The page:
Shahbaz Ahmed
Sunrisers Hyderabad’s Shahbaz Ahmed (left) celebrates with captain Pat Cummins after taking a wicket during the Indian Premier League second qualifier cricket match in Chennai on May 24, 2024. Ahmed’s left-arm spin fetched three wickets, which broke the back of Rajasthan. Image Credit: AFP

It was an implosion of the Rajasthan Royals kind. More like the ones in the second half of the IPL 2024 league phase. A replay of that was enacted at the M.A. Chidambaram Stadium in Chennai, which allowed Sunrisers Hyderabad to wriggle out of a tight spot and storm into the final with a 36-run win.

Sanju Samson did everything right in the first half of the second qualifier on Friday. The Rajasthan skipper won the toss and put Hyderabad into bat, hoping that dew would arrive later in Chepauk. He rotated the bowlers well and pegged back Hyderabad after Rahul Tripathi’s fiery knock of 37 off 15 balls.

Faced with a target of 176, Yashwasvi Jaiswal (42 off 21) had provided Rajasthan with a scintillating start in the powerplay. Samson made the fatal mistake after Jaiswal fell, needlessly launching into the attack when caution was required. That was weird. 

Hyderabad batsmen struggle

The Rajasthan captain had a ringside view of Hyderabad batsmen’s struggles. From behind the stumps, he had watched Rajasthan spinners Yuzvendra Chahal and Ravichandran Ashwin run circles around the Hyderabad batsmen, who tried to keep up the aggression only to hole out in the deep. It was clear that batting wasn’t easy on this track.

Samson should have taken a leaf out of the book of Hyderabad’s Heinrich Klassen, who curbed his hyper-attacking instincts to accumulate runs with hard-run twos and an occasional six in almost every over. That was a masterclass in batting on a difficult pitch. If not for Klassen’s judicious strokeplay, Hyderabad would have finished with less than 150 runs.

Klassen’s knock (50 off 34) was the template to play on a turning pitch — hard running combined with sixes when loose deliveries arrive. The lessons of Klassen’s innings were lost on Samson and Riyan Parag, who gifted their wickets. Samson has the skills to bump up the scoring later in the innings, so the early aggression was needless.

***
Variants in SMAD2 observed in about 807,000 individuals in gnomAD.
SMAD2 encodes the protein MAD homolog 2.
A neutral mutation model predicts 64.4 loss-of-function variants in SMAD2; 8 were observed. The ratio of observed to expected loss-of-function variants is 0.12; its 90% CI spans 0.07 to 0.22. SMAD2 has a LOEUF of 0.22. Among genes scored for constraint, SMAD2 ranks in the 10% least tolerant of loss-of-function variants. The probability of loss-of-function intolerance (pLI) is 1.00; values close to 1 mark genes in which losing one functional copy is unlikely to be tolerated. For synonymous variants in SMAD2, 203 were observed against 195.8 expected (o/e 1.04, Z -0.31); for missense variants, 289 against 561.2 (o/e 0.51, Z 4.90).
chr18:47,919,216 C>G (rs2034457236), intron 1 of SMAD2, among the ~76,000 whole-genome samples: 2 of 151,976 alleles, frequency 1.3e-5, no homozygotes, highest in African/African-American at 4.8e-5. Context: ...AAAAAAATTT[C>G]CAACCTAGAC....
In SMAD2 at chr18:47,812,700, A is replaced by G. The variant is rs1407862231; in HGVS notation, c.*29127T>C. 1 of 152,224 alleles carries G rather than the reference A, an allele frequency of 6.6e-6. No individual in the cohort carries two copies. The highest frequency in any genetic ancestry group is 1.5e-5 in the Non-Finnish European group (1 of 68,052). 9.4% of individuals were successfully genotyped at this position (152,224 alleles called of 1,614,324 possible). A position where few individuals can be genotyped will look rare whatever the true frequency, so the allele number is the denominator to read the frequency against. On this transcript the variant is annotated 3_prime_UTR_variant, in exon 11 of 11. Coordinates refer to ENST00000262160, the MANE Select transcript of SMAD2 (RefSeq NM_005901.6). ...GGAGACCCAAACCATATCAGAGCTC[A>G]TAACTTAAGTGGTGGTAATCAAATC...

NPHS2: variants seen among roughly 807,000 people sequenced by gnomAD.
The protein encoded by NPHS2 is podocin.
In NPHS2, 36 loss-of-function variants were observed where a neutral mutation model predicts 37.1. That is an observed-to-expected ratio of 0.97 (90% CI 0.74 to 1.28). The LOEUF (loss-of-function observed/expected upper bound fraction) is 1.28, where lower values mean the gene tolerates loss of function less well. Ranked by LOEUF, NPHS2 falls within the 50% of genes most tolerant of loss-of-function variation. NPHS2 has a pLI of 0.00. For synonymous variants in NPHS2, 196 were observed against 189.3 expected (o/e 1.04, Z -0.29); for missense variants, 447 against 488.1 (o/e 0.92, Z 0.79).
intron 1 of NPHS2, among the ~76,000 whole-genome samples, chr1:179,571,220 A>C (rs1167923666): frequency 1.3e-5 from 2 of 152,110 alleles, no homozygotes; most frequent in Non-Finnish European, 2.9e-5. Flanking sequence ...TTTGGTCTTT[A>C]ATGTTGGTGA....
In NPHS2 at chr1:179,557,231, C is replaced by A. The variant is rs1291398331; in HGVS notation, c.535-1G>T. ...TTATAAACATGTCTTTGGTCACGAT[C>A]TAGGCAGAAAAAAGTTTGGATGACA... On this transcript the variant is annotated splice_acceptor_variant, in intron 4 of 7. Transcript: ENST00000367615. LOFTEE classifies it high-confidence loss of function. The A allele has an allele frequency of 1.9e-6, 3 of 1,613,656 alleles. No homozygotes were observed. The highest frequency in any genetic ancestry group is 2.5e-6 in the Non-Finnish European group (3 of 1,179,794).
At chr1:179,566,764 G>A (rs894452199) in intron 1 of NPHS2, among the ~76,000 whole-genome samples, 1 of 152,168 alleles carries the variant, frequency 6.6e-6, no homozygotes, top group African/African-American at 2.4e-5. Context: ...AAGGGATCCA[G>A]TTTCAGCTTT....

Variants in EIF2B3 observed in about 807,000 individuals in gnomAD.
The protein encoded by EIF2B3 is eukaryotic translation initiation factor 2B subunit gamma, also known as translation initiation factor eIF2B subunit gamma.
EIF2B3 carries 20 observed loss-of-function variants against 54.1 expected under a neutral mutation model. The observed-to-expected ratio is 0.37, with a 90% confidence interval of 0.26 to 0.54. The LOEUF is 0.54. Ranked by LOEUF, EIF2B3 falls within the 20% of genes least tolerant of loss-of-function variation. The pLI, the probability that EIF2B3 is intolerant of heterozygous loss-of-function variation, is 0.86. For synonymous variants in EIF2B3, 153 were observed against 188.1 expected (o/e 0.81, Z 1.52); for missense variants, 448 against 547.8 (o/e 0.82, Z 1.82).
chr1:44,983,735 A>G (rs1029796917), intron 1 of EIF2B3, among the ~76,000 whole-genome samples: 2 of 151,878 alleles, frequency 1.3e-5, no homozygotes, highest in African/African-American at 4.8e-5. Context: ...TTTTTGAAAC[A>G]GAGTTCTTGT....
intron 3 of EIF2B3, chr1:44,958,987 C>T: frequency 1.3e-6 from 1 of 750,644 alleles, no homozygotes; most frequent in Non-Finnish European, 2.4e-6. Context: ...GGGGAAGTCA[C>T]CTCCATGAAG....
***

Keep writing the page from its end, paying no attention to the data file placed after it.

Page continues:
Samson and Rajasthan’s fragile batting

As captain, he should have been aware of the fragility of his team’s batting. Beyond No. 4, the Rajasthan batting has been unreliable, and the late middle order delivered only when around 25 runs were required in quick time. So, Samson should have been around until the score was around 140, and Shimron Hetmyer and Rovman Powell would have managed the rest.

When Samson left at 67-3, there was too much to do for a dodgy set of batsmen. The best Riyan Parag could come up with was an ungainly swipe, and Rajasthan capitulated to a bunch of part-time spinners. Dhruv Jurel showed his more famous teammates how to bat on a tricky pitch, but it was too late to slam the stable door. The horse had bolted.

Was it pressure? But Rajasthan had chased down bigger totals in the league. Playoffs are different, and this was a knockout game. Pressure can bring down stronger teams, and Rajasthan tend to come off at the seams. They very nearly did, against the Royal Challengers Bengaluru in the eliminator. If RCB had a quality spinner, the result may have been different.

There are no quality spinners in Hyderabad too; that’s common knowledge in IPL. Left-handed Shahbaz Ahmed is primarily a batter, and Abhishek Sharma has hardly bowled this season. Ahmed (3-23) and Sharma (2-24) broke the Rajasthan batting spine as the wicket offered turn, and the feared dew never showed up. Barring Jurel, no Rajasthan batsman was inclined to bide their time to attack. It was senseless batting.

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What’s heartening was Hyderabad’s will to win. When the pressure was on Rajasthan, all the fielders turned up the heat with splendid stops in the ring and the outfield, reducing runs to a trickle. That pressure created more wickets.

Hyderabad’s superb deployment of their sparse spin resources has to be applauded, but the feeling persists that it was Rajasthan’s match to lose. And they did. Quite in keeping with their batsmen’s propensity to implode.

Jos Buttler must be sitting in England with his head buried in his hands. The Facetime call with the cup won’t come from Samson.

Pat Cummins will lead the Sunrisers Hyderabad for a rematch with the Kolkata Knight Riders in Sunday’s final in Chepauk. A grudge match!